Tucked away, and often unnoticed, down a short drive between two houses on Morland Avenue lies The Sir Philip Game Centre.
The Centre is named after the late Air Vice Marshal Sir Philip Game, G.C.B., G.C.V.O., G.B.E., K.C.M.G., D.S.O., who was Commissioner of the Metropolitan Police from 1935 to 1945 [yes, that’s an awful lot of letters after his name, but I’ll save that or another article]. Sir Philip died on 4th February 1961, and the centre is a memorial to him.
These days if one solely relied on mainstream media one would have the impression youth crime is a modern phenomenon that didn’t exist after the War, but that would be far from the truth. Single parent families, absent fathers, poverty and readily available firearms led to a post-war crime wave, and it is against that backdrop the Metropolitan Police decide to open a Boys’ Club.
Although there was nothing original in the idea of police running a Boys’ Club, there was a lot of publicity during the war years of other police forces contributing to youth work, and this only served to make Sir Philip more determined that the Metropolitan Police should also take a hand. He realised that, by close and continual contact with the youth of the day and the public in general, police officers had the potential to make a positive contribution.
During August 1943, Sir Philip visited Croydon where he met and talked with Superintendent David B. Deller who had just been appointed to take charge of ‘Z’ Division.
The Commissioner mentioned his Boys’ Club scheme and outlined the objects which are contained in the Constitution of the Centre. It was agreed that Croydon was an ideal place in which to begin the project and Mr Deller began by talking to other police officers and prominent local citizens.
Soon he had stimulated sufficient interest, and on 25th February 1944, in the Croydon Education Office in Katherine Street, twenty-six persons representing social and commercial interests in the Borough met to launch the Boys’ Club. A draft Constitution was approved. It was unanimously agreed that the name should be “The Sir Philip Game Boys’ Club” in recognition of the Commissioner’s work and interest. Sir Philip was also elected the Club’s first President.
The Cedars, an old house, standing in an acre and a half of grounds in Morland Avenue, which came with four tennis courts, was acquired at an extremely low rental with an option to purchase. Everything had been planned to get the Club premises fit for occupation by mid-September, 1944, but the German V-1 (doodlebug) bombing campaign intervened. Even though the premises were not directly affected by the bombing, the planned renovations could not be commenced as the necessary licence from the Ministry of Works and Planning was unobtainable. Accommodation had to be found for the storing of furniture and effects of bombed-out families in the borough, and the Executive Committee of the Club decided to offer the house for this urgent purpose — an offer that was accepted.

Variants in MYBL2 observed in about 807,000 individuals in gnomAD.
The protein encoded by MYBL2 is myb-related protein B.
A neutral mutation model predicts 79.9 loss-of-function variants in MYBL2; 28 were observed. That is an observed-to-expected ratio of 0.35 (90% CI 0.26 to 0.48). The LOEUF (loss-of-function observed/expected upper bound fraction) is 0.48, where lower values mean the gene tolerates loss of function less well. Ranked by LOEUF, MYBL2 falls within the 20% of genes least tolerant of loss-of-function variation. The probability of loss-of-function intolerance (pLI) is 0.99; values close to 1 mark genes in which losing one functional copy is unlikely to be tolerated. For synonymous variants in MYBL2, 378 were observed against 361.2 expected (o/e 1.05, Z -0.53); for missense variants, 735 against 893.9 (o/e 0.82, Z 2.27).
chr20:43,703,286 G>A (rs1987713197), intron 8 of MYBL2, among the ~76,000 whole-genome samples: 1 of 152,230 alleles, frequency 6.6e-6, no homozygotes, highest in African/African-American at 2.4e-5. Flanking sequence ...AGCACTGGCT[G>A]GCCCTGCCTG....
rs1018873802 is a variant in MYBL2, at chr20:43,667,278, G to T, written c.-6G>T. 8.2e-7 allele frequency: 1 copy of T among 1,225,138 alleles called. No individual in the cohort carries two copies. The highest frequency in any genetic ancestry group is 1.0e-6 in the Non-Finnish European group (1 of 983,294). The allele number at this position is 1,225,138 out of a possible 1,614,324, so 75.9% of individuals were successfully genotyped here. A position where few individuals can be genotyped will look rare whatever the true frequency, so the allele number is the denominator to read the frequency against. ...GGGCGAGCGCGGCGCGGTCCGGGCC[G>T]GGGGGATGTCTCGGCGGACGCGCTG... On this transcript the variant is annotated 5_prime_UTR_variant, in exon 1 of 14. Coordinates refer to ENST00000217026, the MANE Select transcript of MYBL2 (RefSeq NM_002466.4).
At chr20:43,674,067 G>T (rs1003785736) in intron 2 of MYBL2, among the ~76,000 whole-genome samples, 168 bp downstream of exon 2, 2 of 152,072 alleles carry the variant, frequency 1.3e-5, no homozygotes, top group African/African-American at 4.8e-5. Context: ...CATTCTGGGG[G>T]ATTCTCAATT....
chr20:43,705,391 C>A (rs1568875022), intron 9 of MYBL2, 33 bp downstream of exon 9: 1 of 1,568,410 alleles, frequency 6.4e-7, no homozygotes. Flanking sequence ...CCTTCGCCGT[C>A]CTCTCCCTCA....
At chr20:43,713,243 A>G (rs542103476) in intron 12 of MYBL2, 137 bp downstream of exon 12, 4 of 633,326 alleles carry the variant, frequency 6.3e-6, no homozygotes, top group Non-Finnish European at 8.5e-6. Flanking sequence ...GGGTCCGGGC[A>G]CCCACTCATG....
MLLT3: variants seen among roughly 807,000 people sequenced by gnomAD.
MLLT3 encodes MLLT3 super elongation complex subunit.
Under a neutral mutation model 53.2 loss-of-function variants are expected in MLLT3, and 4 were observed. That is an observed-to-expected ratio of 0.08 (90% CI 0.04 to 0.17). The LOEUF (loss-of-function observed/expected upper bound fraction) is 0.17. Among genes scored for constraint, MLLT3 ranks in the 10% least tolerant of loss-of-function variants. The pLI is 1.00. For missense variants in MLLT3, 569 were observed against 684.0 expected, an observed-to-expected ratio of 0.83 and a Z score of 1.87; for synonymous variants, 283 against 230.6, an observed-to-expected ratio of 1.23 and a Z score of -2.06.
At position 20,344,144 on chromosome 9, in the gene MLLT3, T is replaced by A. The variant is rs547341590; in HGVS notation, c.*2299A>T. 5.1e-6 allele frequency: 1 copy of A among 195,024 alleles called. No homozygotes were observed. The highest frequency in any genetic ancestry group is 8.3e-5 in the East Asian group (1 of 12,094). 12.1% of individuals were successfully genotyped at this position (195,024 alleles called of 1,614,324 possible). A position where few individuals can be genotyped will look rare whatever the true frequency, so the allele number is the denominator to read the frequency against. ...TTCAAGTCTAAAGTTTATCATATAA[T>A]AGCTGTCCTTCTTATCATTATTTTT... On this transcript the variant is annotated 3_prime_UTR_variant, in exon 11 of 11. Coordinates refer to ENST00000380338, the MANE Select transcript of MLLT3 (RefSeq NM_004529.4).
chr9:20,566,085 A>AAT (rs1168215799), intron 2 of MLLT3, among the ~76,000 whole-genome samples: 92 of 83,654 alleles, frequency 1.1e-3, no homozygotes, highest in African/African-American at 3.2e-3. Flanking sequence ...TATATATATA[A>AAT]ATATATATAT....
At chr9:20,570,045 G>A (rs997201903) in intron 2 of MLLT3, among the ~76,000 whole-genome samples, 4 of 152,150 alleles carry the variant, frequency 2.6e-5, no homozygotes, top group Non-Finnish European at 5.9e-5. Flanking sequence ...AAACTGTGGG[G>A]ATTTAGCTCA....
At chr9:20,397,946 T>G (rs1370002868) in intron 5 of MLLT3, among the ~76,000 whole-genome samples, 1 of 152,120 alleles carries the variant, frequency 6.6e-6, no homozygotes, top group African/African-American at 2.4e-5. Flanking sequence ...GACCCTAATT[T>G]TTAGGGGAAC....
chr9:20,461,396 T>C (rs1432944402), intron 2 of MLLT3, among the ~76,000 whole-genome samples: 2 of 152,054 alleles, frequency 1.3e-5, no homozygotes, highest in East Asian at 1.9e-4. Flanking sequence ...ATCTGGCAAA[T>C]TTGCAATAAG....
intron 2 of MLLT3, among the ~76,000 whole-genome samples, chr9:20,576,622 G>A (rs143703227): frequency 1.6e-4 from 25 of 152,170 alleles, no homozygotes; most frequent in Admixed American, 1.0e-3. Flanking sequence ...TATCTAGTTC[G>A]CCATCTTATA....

Although progress was difficult because of war-time restrictions, the house was gradually made suitable and a wooden gymnasium built. Eventually, on 11th January 1946, the Club was opened, and by the end of the day, 50 boys had enrolled. By the end of the year, membership had increased to 200
The Club was officially opened on 19th July 1947, by the then Home Secretary, the Rt. Hon. J. Chuter Ede, in the presence of Sir Philip Game and many distinguished guests.
The Club prospered, and funds were raised to improve many of the large rooms so that instruction and educational work could be carried out.
In 1952, a then modern brick gymnasium, fully equipped, was built and officially opened by Vice Admiral The Earl Mountbatten of Burma, the last Viceroy of India, who was later assassinated by members of the Provisional Irish Republican Army in 1979.
The gymnasium was known as the “David Deller Hall”, a permanent reminder of the Club’s first Chairman. Despite the acquisition of the new gymnasium, it was apparent the old house was becoming unsuitable for a modern club and that the available space facilities limited activities.
Following the Albermarle Report in 1960 plans were made for the building of a new Club to form an integral part with the existing gymnasium. The Sir Philip Game Memorial Fund was launched in 1961 and by 1963 sufficient money had been raised. A new clubhouse, games room and bungalow were built and completed in 1964. The new premises were officially opened on the 8th of May, 1966, by the then Home Secretary, the Rt. Hon. Sir Frank Soskice, in the presence of Lady Game who unveiled a plaque in the memory of her husband.
Boxing was an integral part of our club from the beginning. Several champions passed through our doors including, British middleweight champion Frankie Lucas, three times world champion Duke McKenzie and WBC heavyweight champion Frank Bruno. Frank boxed for the Sir Phillip Game Amateur Boxing Club from 1977 to 1980, wherein his final season as an amateur, he was the youngest ever ABA heavyweight champion, aged 18. Regrettably, due to outside pressure, the boxing at the club was brought to an ignoble end in the early 1980s. At present, SPG doesn’t have a boxing club.